Don't think you can trick your smart phone with a fake smile as it can figure out if you are depressed!
Much as it sounds as if you are reading a cool science fiction piece, this has been recently established in a scientific study by a group from Northwestern University Feinberg School of Medicine, led by Dr. David Mohr.
Depression is a serious mental illness that afflicts nearly 350 million people, according to the World Health Organization (WHO).
At its worst stage, depression can lead to suicide. Although there are therapies such as antidepressant drugs available for treatment, yet they can be effective only if the illness is diagnosed at the right time.
Thus the key to curbing the incidence of this debilitating disorder would be the timely recognition of the symptoms.
In today's society smartphones are ubiquitous.
We rely on them for paying our electricity bills to depositing bank checks to that of navigating to an unknown geographical location. And in the modern age, we tend to spend more time with our gadgets and use it as a conduit to interact with other people. So what if our smartphones become equipped with ability to identify our mental state?
So back to the study - how did the scientists establish a link between smart phones and depression?
They started by recruiting 28 participants for their study, who were asked to fill out a self-reported depression survey.
Subsequently, the scientists collected their cell phone usage data from the individual's mobile phone sensors using an Android app known as Purple Robot that has been developed by the Northwestern University researchers.
The app was used to collect data that comprised of locations where the participants used their phones, the amount of time spent in every location and the 'variability' in those sites such as how long the smart phone was used at home versus outside. This information was then sent to secure data servers for further analysis.
"We developed algorithms that could estimate certain aspects of behavior from these sensor data," says Dr. Sohrab Saeb, the lead author of this study.
The scientists obtained insightful results from these experiments with an astonishing accuracy of 87%.
Saeb comments, "We found a strong relationship between some of the estimated behaviors and depressive symptoms. Specifically, we found that individuals who were more depressed spent most of their time in fewer locations, had a more irregular daily routine, and used their mobile phones more frequently."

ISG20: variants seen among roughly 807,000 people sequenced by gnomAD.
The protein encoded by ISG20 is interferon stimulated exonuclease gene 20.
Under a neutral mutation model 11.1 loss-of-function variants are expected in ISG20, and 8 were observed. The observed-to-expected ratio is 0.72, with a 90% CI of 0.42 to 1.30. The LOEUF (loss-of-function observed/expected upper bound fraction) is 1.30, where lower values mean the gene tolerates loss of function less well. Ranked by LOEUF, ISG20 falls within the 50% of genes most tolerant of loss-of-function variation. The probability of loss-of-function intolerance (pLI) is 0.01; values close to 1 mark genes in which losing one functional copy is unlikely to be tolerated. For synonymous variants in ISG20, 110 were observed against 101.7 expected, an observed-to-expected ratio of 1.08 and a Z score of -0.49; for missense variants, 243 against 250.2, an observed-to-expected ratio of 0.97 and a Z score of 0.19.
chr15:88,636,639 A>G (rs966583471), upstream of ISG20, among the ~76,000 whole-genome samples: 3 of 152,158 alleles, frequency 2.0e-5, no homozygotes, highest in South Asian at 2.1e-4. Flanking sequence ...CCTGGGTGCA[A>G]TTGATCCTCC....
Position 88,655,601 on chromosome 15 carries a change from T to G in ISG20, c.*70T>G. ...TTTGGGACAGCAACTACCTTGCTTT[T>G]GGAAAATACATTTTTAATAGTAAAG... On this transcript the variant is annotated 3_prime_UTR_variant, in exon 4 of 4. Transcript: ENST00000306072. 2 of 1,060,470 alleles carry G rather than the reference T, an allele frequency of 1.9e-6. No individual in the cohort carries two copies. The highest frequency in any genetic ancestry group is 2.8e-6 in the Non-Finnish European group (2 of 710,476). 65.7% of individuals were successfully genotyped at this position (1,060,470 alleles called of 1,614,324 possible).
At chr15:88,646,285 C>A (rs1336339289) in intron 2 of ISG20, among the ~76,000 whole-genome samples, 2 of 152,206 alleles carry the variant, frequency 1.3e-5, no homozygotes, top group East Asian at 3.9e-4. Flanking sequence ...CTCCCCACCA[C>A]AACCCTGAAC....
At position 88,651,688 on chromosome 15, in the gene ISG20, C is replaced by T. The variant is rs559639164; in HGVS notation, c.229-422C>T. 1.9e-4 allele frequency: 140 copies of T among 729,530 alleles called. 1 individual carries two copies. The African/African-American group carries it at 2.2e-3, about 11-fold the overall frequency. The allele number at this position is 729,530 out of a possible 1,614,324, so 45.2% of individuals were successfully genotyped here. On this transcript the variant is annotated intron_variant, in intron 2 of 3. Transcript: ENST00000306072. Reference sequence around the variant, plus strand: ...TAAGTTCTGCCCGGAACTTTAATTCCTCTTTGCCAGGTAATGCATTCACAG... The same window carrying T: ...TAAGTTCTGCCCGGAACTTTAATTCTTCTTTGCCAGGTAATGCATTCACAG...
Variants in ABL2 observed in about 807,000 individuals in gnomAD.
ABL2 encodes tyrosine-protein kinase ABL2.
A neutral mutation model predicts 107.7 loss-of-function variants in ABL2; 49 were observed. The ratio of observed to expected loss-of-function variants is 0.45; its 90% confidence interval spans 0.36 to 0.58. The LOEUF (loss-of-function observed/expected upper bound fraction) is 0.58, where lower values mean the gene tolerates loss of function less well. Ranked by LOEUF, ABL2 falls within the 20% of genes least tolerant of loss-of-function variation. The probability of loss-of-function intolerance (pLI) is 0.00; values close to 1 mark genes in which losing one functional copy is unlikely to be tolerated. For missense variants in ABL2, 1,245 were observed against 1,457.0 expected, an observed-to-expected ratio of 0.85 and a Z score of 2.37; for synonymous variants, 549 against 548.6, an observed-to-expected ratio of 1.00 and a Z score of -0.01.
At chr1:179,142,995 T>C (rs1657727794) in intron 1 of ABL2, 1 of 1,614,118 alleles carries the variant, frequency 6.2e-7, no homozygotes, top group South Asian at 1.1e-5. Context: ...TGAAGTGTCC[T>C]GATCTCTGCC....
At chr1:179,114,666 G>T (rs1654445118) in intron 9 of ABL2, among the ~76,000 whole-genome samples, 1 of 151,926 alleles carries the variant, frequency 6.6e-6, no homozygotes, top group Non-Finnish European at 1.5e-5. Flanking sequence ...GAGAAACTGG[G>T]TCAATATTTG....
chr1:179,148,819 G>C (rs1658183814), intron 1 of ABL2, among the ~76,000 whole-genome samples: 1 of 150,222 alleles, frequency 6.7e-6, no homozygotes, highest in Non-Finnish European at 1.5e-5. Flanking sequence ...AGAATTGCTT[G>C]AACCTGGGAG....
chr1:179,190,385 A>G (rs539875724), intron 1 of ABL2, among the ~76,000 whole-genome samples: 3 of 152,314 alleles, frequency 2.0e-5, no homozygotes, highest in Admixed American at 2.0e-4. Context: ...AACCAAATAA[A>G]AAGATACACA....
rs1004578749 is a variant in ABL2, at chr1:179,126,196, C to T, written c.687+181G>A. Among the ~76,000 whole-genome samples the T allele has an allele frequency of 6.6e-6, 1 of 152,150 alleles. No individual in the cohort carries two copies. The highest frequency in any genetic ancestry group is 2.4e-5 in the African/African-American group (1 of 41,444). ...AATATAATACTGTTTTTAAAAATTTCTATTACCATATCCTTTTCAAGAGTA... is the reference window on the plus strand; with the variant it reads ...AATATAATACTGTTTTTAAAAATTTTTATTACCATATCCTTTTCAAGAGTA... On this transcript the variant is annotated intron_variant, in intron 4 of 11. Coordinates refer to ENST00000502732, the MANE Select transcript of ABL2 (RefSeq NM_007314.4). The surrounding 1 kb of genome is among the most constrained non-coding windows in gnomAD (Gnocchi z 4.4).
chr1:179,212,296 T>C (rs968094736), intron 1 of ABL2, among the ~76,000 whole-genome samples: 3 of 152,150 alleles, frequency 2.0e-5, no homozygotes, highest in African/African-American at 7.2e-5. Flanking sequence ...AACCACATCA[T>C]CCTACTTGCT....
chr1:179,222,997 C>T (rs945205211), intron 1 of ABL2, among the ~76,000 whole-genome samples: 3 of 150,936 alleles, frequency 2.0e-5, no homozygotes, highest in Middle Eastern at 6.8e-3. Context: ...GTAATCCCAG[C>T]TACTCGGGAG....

Therefore, as the scientists point out, these experiments had used objective information based on a person's cell phone usage to detect if they were depressed and to estimate the severity of their depressive symptoms.
As far as future plans are concerned says Saeb, "This is a very small study with a sample size of 28 and length of two weeks. Our findings need to be cross-validated in a future study with more individuals and longer period of time."
Now, the current study correlates the time of cell phone usage with that of depressive symptoms.
But what about a causal relationship? In other words, "if depression was caused by the behaviors that we observed, or were these behaviors generated by depression." Saeb believes this is another important question that needs to be addressed in future by designing appropriate experiments.
In this day and age most of us are apprehensive about online data breaches and hacks since most of our day-to-day and business transactions take place over the Internet. But this study is a rare example of how consumer data collection can be put to a good use.
The WHO reports that less than half the diagnosed patients actually receive treatment. Often effective care is hampered by factors ranging from lack of resources to that of the social stigma that surrounds any mental disorder. That leaves us with questions of the reach of smartphones in the population and whether patients would find these incursions into their privacy beneficial in the face of exposure?
Regardless of these facts, the capability to be able to predict depressive symptoms using such non-invasive techniques has a huge implication in the analysis and treatment of depression. It also paves the way for future innovative technologies within the healthcare industry.
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